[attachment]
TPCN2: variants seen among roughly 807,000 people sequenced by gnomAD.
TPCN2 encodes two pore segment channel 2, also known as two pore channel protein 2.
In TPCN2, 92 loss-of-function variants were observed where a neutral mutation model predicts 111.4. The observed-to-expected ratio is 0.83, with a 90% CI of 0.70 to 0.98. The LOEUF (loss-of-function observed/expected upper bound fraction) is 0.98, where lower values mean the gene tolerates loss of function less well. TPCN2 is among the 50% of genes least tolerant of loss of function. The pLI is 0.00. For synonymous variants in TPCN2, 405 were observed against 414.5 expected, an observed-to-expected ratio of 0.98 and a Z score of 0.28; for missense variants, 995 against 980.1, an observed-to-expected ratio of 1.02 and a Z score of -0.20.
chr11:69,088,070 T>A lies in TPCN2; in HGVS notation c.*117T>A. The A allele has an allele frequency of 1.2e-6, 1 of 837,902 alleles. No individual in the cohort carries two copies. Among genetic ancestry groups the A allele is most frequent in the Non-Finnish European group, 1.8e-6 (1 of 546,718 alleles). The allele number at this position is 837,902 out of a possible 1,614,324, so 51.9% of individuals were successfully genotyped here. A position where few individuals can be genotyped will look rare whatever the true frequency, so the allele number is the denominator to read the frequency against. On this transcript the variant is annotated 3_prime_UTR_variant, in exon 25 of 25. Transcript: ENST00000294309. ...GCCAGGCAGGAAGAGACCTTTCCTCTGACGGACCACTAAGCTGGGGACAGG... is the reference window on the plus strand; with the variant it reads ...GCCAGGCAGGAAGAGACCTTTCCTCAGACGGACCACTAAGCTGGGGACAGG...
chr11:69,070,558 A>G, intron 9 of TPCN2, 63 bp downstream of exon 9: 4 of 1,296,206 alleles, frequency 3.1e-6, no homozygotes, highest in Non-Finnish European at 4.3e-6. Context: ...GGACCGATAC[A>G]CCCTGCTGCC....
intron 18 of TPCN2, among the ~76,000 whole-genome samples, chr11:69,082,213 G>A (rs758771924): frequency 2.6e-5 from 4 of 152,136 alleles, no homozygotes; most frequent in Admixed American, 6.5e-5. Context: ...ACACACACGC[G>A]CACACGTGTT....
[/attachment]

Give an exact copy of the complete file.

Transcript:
TPCN2: variants seen among roughly 807,000 people sequenced by gnomAD.
TPCN2 encodes two pore segment channel 2, also known as two pore channel protein 2.
In TPCN2, 92 loss-of-function variants were observed where a neutral mutation model predicts 111.4. The observed-to-expected ratio is 0.83, with a 90% CI of 0.70 to 0.98. The LOEUF (loss-of-function observed/expected upper bound fraction) is 0.98, where lower values mean the gene tolerates loss of function less well. TPCN2 is among the 50% of genes least tolerant of loss of function. The pLI is 0.00. For synonymous variants in TPCN2, 405 were observed against 414.5 expected, an observed-to-expected ratio of 0.98 and a Z score of 0.28; for missense variants, 995 against 980.1, an observed-to-expected ratio of 1.02 and a Z score of -0.20.
chr11:69,088,070 T>A lies in TPCN2; in HGVS notation c.*117T>A. The A allele has an allele frequency of 1.2e-6, 1 of 837,902 alleles. No individual in the cohort carries two copies. Among genetic ancestry groups the A allele is most frequent in the Non-Finnish European group, 1.8e-6 (1 of 546,718 alleles). The allele number at this position is 837,902 out of a possible 1,614,324, so 51.9% of individuals were successfully genotyped here. A position where few individuals can be genotyped will look rare whatever the true frequency, so the allele number is the denominator to read the frequency against. On this transcript the variant is annotated 3_prime_UTR_variant, in exon 25 of 25. Transcript: ENST00000294309. ...GCCAGGCAGGAAGAGACCTTTCCTCTGACGGACCACTAAGCTGGGGACAGG... is the reference window on the plus strand; with the variant it reads ...GCCAGGCAGGAAGAGACCTTTCCTCAGACGGACCACTAAGCTGGGGACAGG...
chr11:69,070,558 A>G, intron 9 of TPCN2, 63 bp downstream of exon 9: 4 of 1,296,206 alleles, frequency 3.1e-6, no homozygotes, highest in Non-Finnish European at 4.3e-6. Context: ...GGACCGATAC[A>G]CCCTGCTGCC....
intron 18 of TPCN2, among the ~76,000 whole-genome samples, chr11:69,082,213 G>A (rs758771924): frequency 2.6e-5 from 4 of 152,136 alleles, no homozygotes; most frequent in Admixed American, 6.5e-5. Context: ...ACACACACGC[G>A]CACACGTGTT....